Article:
The Sri Cakrasamvara Tantra dates back to the late eighth or early ninth century. When the second wave of transmission of Buddhism to Tibet from India took place, the study and practice of this tantra was a thing with the Newar Buddhists of Kathmandu. The thangka that you see on this page, an age-old form of superior fabric painting which is the core of traditional Nepalese visual arts, depicts the Lord Samvara in profound union with Devi Vajravarahi.
Samvara-Vajravarahi are the predominant deities in this tantra. Lord Samvara is wearing a tiger-skin that has slid beneath the loins and an angavastram of sea green colour that floats about the twin figures. But for the gold and pearls that adorn Her limbs, She is naked. The painters have conveyed the composite passion of their conjoined bodies with a lifelike language. With the limbs interlocked and the mouths refusing to tear away, Samvara-Vajravarahi are caught in the throes of a pulsating orgasm.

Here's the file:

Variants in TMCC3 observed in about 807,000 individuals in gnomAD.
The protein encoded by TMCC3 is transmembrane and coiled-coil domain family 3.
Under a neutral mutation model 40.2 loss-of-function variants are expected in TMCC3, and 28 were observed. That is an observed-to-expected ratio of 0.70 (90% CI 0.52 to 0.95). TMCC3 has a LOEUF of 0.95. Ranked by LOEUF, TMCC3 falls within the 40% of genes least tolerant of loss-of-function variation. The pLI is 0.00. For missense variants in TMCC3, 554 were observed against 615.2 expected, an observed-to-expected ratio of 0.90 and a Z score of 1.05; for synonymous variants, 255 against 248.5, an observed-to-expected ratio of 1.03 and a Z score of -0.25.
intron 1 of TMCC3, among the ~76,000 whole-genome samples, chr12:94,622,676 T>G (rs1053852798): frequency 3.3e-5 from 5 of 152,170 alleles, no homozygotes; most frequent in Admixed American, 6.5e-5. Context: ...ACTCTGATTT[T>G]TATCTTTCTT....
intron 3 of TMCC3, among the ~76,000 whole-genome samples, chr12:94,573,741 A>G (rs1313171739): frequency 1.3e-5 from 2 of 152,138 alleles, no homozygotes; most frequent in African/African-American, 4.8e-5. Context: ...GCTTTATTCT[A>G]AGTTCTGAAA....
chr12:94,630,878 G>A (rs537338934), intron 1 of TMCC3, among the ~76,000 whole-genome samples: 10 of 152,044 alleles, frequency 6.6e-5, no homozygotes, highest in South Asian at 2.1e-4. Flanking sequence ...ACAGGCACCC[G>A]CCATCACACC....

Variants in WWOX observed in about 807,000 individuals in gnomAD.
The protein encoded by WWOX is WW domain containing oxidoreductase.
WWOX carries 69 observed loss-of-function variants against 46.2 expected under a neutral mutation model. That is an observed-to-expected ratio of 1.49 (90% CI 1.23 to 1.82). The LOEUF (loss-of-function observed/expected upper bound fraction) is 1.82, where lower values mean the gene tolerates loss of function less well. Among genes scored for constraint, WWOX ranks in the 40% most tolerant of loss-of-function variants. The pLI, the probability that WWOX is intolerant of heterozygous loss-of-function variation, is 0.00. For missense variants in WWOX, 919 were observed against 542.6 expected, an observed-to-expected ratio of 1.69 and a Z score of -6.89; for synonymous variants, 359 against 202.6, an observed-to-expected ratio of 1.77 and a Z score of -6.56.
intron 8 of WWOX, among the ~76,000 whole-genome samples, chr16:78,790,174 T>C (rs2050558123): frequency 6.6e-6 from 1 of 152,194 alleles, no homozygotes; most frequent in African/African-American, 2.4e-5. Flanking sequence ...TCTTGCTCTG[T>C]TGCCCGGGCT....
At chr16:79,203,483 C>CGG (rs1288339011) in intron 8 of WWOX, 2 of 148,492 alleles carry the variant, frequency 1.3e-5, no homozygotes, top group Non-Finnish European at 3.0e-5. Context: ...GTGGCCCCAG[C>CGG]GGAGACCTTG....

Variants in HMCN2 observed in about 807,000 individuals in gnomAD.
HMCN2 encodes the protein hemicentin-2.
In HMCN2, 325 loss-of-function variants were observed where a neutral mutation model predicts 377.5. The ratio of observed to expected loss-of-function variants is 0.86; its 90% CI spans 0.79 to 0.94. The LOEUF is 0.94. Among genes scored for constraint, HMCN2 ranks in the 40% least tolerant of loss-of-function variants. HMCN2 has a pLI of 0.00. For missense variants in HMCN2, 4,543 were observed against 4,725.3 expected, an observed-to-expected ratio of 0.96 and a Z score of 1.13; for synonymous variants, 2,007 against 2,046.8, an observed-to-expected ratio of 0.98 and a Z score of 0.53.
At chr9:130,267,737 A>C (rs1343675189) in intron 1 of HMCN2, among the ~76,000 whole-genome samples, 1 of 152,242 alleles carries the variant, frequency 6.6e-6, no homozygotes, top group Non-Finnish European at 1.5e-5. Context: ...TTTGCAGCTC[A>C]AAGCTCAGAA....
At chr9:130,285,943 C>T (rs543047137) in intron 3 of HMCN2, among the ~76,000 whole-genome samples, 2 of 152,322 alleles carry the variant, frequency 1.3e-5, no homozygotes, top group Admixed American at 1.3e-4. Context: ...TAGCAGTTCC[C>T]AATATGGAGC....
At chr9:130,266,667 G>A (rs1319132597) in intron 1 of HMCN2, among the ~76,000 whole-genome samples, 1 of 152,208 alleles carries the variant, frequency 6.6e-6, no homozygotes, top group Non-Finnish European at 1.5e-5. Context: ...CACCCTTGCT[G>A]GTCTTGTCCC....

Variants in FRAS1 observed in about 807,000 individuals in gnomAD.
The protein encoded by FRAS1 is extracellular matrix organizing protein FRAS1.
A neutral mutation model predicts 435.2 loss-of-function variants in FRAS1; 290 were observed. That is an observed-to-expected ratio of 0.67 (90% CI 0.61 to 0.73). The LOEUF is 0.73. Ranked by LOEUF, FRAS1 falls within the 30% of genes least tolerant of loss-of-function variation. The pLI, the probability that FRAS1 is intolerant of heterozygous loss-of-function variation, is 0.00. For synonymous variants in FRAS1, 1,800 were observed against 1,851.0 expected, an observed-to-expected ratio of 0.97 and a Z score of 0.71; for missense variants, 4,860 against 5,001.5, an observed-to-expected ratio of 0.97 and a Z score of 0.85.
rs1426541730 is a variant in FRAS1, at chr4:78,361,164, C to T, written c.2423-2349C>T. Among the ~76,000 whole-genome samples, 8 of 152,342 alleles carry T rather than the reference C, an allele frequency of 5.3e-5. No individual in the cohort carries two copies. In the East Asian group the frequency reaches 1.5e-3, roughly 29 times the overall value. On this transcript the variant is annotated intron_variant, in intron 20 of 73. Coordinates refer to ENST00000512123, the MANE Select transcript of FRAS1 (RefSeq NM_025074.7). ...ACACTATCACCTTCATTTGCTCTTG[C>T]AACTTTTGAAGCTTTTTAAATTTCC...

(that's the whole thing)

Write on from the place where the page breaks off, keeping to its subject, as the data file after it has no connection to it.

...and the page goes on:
It is an essentially wrathful composition. An aureole of flames surrounds the central figures. Mythical figures with multiple limbs lie beneath the two feet of Lord Samvara, on the golden pistil of a lotus with multicoloured petals. The milky stream in the foreground and the tempting offerings floating on it, the snow-coated peaks rising in the verdant landscape of the background, and the wisps of pristine cloud are motifs that are integral to the thangka.
Send as free online greeting card
Email a Friend